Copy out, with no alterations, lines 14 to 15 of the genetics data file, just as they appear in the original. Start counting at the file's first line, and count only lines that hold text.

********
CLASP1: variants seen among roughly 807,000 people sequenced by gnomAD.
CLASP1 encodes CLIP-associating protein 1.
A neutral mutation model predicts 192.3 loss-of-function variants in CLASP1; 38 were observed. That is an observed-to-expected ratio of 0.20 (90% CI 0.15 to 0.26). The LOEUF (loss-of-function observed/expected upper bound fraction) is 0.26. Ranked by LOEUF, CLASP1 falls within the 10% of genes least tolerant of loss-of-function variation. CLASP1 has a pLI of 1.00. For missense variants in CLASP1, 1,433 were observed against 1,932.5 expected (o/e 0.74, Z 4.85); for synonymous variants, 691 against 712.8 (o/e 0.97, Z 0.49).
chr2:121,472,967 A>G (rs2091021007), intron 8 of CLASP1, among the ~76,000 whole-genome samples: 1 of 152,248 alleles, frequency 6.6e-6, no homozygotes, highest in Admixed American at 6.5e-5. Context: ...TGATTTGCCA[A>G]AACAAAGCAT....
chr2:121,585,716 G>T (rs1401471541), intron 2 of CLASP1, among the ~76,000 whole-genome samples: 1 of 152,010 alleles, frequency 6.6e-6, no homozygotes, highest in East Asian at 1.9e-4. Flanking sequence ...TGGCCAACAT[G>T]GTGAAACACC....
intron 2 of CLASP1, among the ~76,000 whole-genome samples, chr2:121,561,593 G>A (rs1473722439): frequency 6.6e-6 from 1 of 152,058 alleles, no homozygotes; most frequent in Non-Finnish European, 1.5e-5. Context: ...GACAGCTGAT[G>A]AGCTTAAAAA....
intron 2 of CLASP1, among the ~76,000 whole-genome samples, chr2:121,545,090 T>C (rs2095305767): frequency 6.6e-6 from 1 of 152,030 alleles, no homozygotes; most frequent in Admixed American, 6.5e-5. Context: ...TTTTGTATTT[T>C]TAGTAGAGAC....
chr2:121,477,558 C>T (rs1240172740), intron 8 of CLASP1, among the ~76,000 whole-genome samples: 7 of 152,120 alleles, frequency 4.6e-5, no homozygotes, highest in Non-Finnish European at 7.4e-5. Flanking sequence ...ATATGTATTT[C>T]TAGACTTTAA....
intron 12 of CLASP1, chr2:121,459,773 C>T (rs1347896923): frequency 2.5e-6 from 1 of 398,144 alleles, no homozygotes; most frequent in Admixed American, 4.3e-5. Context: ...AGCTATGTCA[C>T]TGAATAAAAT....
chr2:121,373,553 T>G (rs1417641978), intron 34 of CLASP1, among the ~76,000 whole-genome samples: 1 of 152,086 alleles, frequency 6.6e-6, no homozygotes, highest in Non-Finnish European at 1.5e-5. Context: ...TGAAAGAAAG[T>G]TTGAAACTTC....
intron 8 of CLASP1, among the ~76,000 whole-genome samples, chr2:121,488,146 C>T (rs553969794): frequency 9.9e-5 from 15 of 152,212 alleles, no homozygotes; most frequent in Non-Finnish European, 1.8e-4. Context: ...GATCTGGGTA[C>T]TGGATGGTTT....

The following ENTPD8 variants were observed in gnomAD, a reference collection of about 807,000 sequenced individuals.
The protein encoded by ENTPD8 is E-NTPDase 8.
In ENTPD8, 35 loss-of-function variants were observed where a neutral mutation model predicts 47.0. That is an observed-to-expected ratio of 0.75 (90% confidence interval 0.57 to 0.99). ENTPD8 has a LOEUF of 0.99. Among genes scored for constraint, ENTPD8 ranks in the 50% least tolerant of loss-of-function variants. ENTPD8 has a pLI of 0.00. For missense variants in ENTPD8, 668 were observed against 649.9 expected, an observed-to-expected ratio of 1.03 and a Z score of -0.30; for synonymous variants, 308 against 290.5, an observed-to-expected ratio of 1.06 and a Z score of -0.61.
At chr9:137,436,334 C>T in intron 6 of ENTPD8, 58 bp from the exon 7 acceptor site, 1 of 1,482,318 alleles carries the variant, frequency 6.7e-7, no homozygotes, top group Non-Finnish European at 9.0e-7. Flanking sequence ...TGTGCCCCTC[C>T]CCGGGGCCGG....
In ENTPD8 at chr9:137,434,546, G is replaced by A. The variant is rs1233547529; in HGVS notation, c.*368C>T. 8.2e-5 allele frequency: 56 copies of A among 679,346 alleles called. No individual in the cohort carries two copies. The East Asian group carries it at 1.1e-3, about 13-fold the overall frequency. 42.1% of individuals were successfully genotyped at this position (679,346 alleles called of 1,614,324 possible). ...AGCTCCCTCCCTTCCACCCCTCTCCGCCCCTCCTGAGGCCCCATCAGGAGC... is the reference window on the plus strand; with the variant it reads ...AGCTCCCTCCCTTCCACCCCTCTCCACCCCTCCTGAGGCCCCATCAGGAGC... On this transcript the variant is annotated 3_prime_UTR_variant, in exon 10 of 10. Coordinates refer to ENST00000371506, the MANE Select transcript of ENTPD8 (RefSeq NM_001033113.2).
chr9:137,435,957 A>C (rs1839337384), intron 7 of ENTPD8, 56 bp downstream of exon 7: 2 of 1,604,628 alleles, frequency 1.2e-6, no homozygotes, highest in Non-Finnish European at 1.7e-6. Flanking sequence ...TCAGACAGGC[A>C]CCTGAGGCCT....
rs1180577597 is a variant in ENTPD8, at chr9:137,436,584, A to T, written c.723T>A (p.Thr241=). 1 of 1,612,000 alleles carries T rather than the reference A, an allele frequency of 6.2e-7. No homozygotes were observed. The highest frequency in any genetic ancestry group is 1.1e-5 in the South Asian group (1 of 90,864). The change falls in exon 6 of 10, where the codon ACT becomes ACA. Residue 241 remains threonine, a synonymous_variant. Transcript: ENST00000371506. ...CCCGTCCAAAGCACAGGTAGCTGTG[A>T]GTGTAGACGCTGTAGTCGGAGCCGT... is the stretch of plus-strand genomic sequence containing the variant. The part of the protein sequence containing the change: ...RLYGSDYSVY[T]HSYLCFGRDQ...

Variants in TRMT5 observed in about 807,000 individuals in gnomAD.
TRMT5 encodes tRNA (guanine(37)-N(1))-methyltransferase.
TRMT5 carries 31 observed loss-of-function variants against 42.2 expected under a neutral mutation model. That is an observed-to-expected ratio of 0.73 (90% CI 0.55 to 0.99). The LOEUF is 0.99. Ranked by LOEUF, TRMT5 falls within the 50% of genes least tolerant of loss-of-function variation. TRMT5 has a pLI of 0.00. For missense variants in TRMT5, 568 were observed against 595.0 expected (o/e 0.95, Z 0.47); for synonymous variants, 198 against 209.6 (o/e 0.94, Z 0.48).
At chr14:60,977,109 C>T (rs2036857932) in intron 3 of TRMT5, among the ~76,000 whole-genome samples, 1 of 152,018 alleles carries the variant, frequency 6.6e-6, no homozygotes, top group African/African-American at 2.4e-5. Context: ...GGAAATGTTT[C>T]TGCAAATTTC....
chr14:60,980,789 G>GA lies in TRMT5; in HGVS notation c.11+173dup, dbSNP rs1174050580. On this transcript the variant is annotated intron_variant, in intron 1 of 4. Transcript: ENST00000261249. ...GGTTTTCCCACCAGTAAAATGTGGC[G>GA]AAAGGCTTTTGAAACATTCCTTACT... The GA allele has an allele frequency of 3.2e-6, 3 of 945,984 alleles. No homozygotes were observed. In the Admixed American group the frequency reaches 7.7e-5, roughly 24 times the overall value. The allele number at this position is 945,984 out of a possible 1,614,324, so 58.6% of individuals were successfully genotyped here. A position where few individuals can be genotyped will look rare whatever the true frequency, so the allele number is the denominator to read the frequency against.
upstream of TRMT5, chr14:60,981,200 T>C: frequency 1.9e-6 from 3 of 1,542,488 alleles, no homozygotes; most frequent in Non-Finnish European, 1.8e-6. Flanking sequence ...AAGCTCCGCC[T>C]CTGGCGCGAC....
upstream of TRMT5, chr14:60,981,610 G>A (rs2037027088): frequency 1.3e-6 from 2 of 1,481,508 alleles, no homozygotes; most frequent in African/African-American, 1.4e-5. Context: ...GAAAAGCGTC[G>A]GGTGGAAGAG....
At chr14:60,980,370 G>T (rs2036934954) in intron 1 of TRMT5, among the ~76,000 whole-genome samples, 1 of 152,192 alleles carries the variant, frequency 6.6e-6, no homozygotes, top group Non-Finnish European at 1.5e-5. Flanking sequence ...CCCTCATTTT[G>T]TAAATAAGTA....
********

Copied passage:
In ENTPD8, 35 loss-of-function variants were observed where a neutral mutation model predicts 47.0. That is an observed-to-expected ratio of 0.75 (90% confidence interval 0.57 to 0.99). ENTPD8 has a LOEUF of 0.99. Among genes scored for constraint, ENTPD8 ranks in the 50% least tolerant of loss-of-function variants. ENTPD8 has a pLI of 0.00. For missense variants in ENTPD8, 668 were observed against 649.9 expected, an observed-to-expected ratio of 1.03 and a Z score of -0.30; for synonymous variants, 308 against 290.5, an observed-to-expected ratio of 1.06 and a Z score of -0.61.
At chr9:137,436,334 C>T in intron 6 of ENTPD8, 58 bp from the exon 7 acceptor site, 1 of 1,482,318 alleles carries the variant, frequency 6.7e-7, no homozygotes, top group Non-Finnish European at 9.0e-7. Flanking sequence ...TGTGCCCCTC[C>T]CCGGGGCCGG....